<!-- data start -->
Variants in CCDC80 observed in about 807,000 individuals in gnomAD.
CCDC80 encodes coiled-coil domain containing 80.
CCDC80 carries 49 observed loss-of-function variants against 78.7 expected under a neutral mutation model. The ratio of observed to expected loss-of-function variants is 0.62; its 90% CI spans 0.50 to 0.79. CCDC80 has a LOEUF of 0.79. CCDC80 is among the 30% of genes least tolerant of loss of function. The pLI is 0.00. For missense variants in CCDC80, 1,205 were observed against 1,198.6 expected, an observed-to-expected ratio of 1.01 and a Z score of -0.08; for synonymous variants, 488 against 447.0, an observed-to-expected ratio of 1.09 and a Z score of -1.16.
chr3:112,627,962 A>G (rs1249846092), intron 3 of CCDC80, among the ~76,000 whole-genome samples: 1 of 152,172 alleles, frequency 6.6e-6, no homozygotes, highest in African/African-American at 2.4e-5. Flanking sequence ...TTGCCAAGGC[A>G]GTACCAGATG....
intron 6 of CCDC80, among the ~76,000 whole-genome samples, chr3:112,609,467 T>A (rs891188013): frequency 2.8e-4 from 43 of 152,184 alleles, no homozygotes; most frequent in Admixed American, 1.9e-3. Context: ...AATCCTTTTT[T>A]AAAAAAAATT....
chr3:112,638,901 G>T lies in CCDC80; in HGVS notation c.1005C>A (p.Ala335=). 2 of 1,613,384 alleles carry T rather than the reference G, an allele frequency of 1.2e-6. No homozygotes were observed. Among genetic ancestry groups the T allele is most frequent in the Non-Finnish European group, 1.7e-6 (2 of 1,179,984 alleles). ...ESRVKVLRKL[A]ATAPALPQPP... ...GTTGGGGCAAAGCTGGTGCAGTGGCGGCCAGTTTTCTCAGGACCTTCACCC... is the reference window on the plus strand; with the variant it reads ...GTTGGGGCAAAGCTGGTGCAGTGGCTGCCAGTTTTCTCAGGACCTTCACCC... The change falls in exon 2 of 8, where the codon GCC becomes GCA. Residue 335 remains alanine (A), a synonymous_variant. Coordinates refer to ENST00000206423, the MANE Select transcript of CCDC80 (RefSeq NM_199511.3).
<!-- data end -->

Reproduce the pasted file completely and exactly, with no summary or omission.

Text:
Variants in CCDC80 observed in about 807,000 individuals in gnomAD.
CCDC80 encodes coiled-coil domain containing 80.
CCDC80 carries 49 observed loss-of-function variants against 78.7 expected under a neutral mutation model. The ratio of observed to expected loss-of-function variants is 0.62; its 90% CI spans 0.50 to 0.79. CCDC80 has a LOEUF of 0.79. CCDC80 is among the 30% of genes least tolerant of loss of function. The pLI is 0.00. For missense variants in CCDC80, 1,205 were observed against 1,198.6 expected, an observed-to-expected ratio of 1.01 and a Z score of -0.08; for synonymous variants, 488 against 447.0, an observed-to-expected ratio of 1.09 and a Z score of -1.16.
chr3:112,627,962 A>G (rs1249846092), intron 3 of CCDC80, among the ~76,000 whole-genome samples: 1 of 152,172 alleles, frequency 6.6e-6, no homozygotes, highest in African/African-American at 2.4e-5. Flanking sequence ...TTGCCAAGGC[A>G]GTACCAGATG....
intron 6 of CCDC80, among the ~76,000 whole-genome samples, chr3:112,609,467 T>A (rs891188013): frequency 2.8e-4 from 43 of 152,184 alleles, no homozygotes; most frequent in Admixed American, 1.9e-3. Context: ...AATCCTTTTT[T>A]AAAAAAAATT....
chr3:112,638,901 G>T lies in CCDC80; in HGVS notation c.1005C>A (p.Ala335=). 2 of 1,613,384 alleles carry T rather than the reference G, an allele frequency of 1.2e-6. No homozygotes were observed. Among genetic ancestry groups the T allele is most frequent in the Non-Finnish European group, 1.7e-6 (2 of 1,179,984 alleles). ...ESRVKVLRKL[A]ATAPALPQPP... ...GTTGGGGCAAAGCTGGTGCAGTGGCGGCCAGTTTTCTCAGGACCTTCACCC... is the reference window on the plus strand; with the variant it reads ...GTTGGGGCAAAGCTGGTGCAGTGGCTGCCAGTTTTCTCAGGACCTTCACCC... The change falls in exon 2 of 8, where the codon GCC becomes GCA. Residue 335 remains alanine (A), a synonymous_variant. Coordinates refer to ENST00000206423, the MANE Select transcript of CCDC80 (RefSeq NM_199511.3).